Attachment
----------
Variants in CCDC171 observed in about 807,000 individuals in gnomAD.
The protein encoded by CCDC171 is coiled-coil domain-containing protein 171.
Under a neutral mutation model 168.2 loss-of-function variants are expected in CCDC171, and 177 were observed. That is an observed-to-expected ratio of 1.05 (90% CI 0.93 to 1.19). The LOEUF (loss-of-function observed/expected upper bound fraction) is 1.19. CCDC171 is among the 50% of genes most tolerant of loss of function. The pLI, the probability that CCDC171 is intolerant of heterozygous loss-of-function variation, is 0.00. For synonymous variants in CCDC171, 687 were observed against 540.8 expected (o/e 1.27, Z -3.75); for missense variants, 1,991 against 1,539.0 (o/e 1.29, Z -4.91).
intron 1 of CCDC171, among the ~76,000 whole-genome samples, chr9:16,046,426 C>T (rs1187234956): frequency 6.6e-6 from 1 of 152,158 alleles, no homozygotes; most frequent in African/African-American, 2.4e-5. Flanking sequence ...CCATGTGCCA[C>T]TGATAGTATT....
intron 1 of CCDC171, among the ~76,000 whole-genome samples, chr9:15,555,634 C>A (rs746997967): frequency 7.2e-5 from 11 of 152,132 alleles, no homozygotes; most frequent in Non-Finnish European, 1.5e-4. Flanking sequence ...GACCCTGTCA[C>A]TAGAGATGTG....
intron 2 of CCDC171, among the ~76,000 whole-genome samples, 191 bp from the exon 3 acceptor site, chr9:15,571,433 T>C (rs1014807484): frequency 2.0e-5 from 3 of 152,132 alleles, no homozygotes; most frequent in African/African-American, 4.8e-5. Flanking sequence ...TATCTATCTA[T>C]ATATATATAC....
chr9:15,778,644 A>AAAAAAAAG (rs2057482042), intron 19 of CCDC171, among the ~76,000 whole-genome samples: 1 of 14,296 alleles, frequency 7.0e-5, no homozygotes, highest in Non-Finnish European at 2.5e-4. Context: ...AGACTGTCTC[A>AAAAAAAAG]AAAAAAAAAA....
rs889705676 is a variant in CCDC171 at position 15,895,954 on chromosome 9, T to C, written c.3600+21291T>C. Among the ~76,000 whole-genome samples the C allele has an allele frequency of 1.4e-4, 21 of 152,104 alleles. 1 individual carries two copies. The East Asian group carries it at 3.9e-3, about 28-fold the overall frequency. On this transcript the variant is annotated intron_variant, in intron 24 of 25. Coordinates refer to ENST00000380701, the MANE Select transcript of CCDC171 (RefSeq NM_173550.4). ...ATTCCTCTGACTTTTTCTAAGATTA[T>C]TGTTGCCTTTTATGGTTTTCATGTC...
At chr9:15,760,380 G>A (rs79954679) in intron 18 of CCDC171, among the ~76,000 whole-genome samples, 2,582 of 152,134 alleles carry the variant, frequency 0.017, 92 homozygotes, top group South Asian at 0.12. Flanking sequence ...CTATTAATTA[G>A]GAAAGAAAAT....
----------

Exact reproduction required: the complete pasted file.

Variants in CCDC171 observed in about 807,000 individuals in gnomAD.
The protein encoded by CCDC171 is coiled-coil domain-containing protein 171.
Under a neutral mutation model 168.2 loss-of-function variants are expected in CCDC171, and 177 were observed. That is an observed-to-expected ratio of 1.05 (90% CI 0.93 to 1.19). The LOEUF (loss-of-function observed/expected upper bound fraction) is 1.19. CCDC171 is among the 50% of genes most tolerant of loss of function. The pLI, the probability that CCDC171 is intolerant of heterozygous loss-of-function variation, is 0.00. For synonymous variants in CCDC171, 687 were observed against 540.8 expected (o/e 1.27, Z -3.75); for missense variants, 1,991 against 1,539.0 (o/e 1.29, Z -4.91).
intron 1 of CCDC171, among the ~76,000 whole-genome samples, chr9:16,046,426 C>T (rs1187234956): frequency 6.6e-6 from 1 of 152,158 alleles, no homozygotes; most frequent in African/African-American, 2.4e-5. Flanking sequence ...CCATGTGCCA[C>T]TGATAGTATT....
intron 1 of CCDC171, among the ~76,000 whole-genome samples, chr9:15,555,634 C>A (rs746997967): frequency 7.2e-5 from 11 of 152,132 alleles, no homozygotes; most frequent in Non-Finnish European, 1.5e-4. Flanking sequence ...GACCCTGTCA[C>A]TAGAGATGTG....
intron 2 of CCDC171, among the ~76,000 whole-genome samples, 191 bp from the exon 3 acceptor site, chr9:15,571,433 T>C (rs1014807484): frequency 2.0e-5 from 3 of 152,132 alleles, no homozygotes; most frequent in African/African-American, 4.8e-5. Flanking sequence ...TATCTATCTA[T>C]ATATATATAC....
chr9:15,778,644 A>AAAAAAAAG (rs2057482042), intron 19 of CCDC171, among the ~76,000 whole-genome samples: 1 of 14,296 alleles, frequency 7.0e-5, no homozygotes, highest in Non-Finnish European at 2.5e-4. Context: ...AGACTGTCTC[A>AAAAAAAAG]AAAAAAAAAA....
rs889705676 is a variant in CCDC171 at position 15,895,954 on chromosome 9, T to C, written c.3600+21291T>C. Among the ~76,000 whole-genome samples the C allele has an allele frequency of 1.4e-4, 21 of 152,104 alleles. 1 individual carries two copies. The East Asian group carries it at 3.9e-3, about 28-fold the overall frequency. On this transcript the variant is annotated intron_variant, in intron 24 of 25. Coordinates refer to ENST00000380701, the MANE Select transcript of CCDC171 (RefSeq NM_173550.4). ...ATTCCTCTGACTTTTTCTAAGATTA[T>C]TGTTGCCTTTTATGGTTTTCATGTC...
At chr9:15,760,380 G>A (rs79954679) in intron 18 of CCDC171, among the ~76,000 whole-genome samples, 2,582 of 152,134 alleles carry the variant, frequency 0.017, 92 homozygotes, top group South Asian at 0.12. Flanking sequence ...CTATTAATTA[G>A]GAAAGAAAAT....